The Buddhist tourism Circuit is a trail of the sacred footsteps of Lord Buddha and important places of his life and teachings. Read to know more.
- The Prime Minister has inaugurated the Kushinagar International Airport in Uttar Pradesh, which will help connect key Buddhist pilgrimage sites.
- Diplomats from 12 countries where Buddhism is practised, including Mongolia, Myanmar, Vietnam, Cambodia, Thailand, Bhutan, Republic of Korea, Nepal, and Japan, were also present.
History of Kushinagar for Buddhist tourism
Kushinagar is mentioned as the capital of Kosala Kingdon in the ancient texts.
Buddhist texts mention the area as the city of Kushavati, which is believed to be named so due to the abundant presence of kush grass in the region.
Kushinagar was the capital of Mallas during the Mahajanapada era (around 500 BCE).
‘Kushinara’ was an integral part of the empires that came later like the Mauryas, Shungas, Kushanas, Guptas, Harsha, and Palas.
During Mauryan times, Ashoka built a stupa over Buddha’s ashes to mark Buddha’s mahapariniravana in Kushinagar.
Kushinagar or kushavati is one of the eight most important sites of Buddhist pilgrimage.
According to the Mahayana text, Mahapariniravana Sutra, Buddha made his journey to Kushinagar and died there. It was also in Kushinagar that the Buddha delivered his last sermon was later cremated at Ramabhar at Mukut Bandhan.
The Gupta rulers (3rd-6th century CE) enlarged the stupa at Kushinagar and also built a temple of the reclining Buddha.
The place finds mention in the accounts of Chinese travellers Fa Hsien and Hieun Tsang.
In medieval times, the city was under the rule of Kultury kings and thrived till the 12th century. The Buddhist monks abandoned the site at around 1200 CE due to attacks of invading Turkish Islamic armies.
The modern Kushinagar came into being with the excavations by Alexander Cunningham in the 19th century. In 1876, C.L Carlleyle excavated the main stupa and the reclining Buddha statue.
Buddhist tourism circuit:
The Buddhist circuit is a route that follows in the footsteps of the Buddha from Lumbini in Nepal where he was born, through Bihar in India where he attained enlightenment, to Sarnath and Kushinagar in Uttar Pradesh in India, where he gave his first teachings and his final resting place.
Kushinagar is the centre of the Buddhist circuit, which consists of pilgrimage sites at Lumbini, Sarnath, and Gaya.
The Buddhist circuit has four international and two domestic airports, while two more are in the pipeline. There are also plans of developing helicopter services and improving international connectivity under the UDAN scheme. Apart from the special Buddhist Circuit train, a total of 88 pairs of trains have been connected from Gaya to New Delhi, Kolkata, Chennai, and Varanasi.
The international airport at Kushinagar will provide direct connectivity to Southeast Asian nations like Srilanka, Japan, Taiwan, South Korea, China, Thailand, Vietnam, Singapore, etc, from where major Buddhist pilgrims will be arriving.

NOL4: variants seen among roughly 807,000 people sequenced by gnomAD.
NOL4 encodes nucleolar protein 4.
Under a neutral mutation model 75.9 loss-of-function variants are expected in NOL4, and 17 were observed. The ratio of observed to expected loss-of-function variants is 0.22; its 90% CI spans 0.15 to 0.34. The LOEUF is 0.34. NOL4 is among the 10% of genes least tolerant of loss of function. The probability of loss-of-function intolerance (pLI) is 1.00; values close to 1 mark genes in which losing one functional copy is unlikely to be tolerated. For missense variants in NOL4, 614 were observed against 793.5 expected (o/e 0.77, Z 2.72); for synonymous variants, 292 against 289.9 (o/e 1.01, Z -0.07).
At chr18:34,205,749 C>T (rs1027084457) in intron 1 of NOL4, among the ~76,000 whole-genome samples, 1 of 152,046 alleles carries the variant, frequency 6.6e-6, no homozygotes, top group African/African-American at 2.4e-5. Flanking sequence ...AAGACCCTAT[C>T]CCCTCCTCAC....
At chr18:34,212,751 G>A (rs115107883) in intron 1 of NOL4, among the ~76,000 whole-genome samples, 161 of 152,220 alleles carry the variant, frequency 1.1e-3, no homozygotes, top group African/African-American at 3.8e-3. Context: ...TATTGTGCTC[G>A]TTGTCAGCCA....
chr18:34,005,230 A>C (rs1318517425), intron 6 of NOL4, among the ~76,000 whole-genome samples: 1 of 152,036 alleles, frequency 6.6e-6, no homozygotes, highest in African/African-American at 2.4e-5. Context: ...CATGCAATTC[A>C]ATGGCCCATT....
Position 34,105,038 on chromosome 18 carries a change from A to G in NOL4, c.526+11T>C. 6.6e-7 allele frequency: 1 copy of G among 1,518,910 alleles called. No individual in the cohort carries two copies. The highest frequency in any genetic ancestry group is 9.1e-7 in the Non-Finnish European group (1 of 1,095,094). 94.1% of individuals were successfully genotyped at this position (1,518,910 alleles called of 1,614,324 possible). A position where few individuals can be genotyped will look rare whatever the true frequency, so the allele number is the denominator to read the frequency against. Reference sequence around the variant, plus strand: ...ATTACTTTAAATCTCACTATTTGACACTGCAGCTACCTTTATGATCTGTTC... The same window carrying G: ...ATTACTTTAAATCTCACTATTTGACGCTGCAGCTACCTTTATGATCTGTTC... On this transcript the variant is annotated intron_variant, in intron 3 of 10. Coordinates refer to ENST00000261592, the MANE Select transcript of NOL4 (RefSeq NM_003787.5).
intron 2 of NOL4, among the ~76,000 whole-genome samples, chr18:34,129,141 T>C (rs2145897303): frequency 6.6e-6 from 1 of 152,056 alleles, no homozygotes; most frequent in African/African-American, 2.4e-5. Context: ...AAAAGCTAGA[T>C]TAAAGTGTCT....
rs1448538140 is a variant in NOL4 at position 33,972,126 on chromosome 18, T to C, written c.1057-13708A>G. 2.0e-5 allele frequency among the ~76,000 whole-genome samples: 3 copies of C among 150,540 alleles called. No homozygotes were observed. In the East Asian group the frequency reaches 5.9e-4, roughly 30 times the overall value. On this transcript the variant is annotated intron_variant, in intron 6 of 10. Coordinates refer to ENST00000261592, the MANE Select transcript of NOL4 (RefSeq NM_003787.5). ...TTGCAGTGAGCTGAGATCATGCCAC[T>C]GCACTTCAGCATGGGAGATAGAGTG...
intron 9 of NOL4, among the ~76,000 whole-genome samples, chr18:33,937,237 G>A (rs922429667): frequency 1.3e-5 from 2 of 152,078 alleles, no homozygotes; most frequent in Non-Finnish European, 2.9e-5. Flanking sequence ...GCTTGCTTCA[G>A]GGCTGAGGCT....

The airport will also serve as a boost for the export of horticulture products like bananas, strawberries, and mushrooms.
Kushinagar is also important for followers of Jainism as it is associated with Lord Mahavir, the 24th Tirthankara of Jains. The district is also an important center for the Vaishnavites, Shaivites, and shakti traditions.
Important Buddhist sites:
- Lumbini, Nepal –Siddhartha Gautama’s (Buddha) birthplace
- Kapilavastu, Uttar Pradesh –The place where Gautama Buddha spent his early years as Siddhartha.
- Bodh Gaya, Bihar –It is the place where Gautama Buddha attained Enlightenment.
- Sarnath, Varanasi, Uttar Pradesh –It is the place where Buddha gave his first sermon. This was his first teaching after having attained enlightenment.
- Rajgir, Bihar –This is where Buddha lived and taught. He preached his two most famous sermons here.
- Kausambi, Uttar Pradesh –Kausambi is the place where Lord Buddha stayed and preached in the sixth and ninth years of his attaining enlightenment.
- Shravasti, Uttar Pradesh –Buddha spent 24 rainy seasons here.
- Vaishali, Bihar –The place where Gautama Buddha held his last sermon.
- Kushinagar, Uttar Pradesh –The place where Gautama Buddha attained Parinirvana. Parinirvana is commonly used to refer to nirvana-after-death, which occurs upon the death of someone who has attained nirvana during his or her lifetime.
Swadesh Darshan Scheme:
Recently, the Tourism Ministry sanctioned 5 projects of Rs 325.53 crore for Buddhist circuit development under the Swadesh Darshan Scheme.
It has also organized a Buddhist Circuit Train FAM Tour as part of the Union government’s Dekho Apna Desh initiative. The tour covers the destinations Gaya-Bodhgaya, Rajgir-Nalanda in Bihar as well as Sarnath-Varanasi in Uttar Pradesh.
Swadesh Darshan is a central sector scheme launched in 2014 -15 for the integrated development of theme-based tourist circuits in the country.
Under the scheme, the Ministry of Tourism provides Central Financial Assistance (CFA) to State Governments/Union Territory Administrations for infrastructure development of circuits.
One of the objectives of the scheme is to develop theme-based tourist circuits on the principles of high tourist value, competitiveness, and sustainability in an integrated manner.
Under the scheme, fifteen thematic circuits have been identified:
- Buddhist Circuit
- Coastal Circuit
- Desert Circuit
- Eco Circuit
- Heritage Circuit
- Himalayan Circuit
- Krishna Circuit
- North East Circuit
- Ramayana Circuit
- Rural Circuit
- Spiritual Circuit
- Sufi Circuit
- Tirthankar Circuit
- Tribal Circuit
- Wildlife Circuit.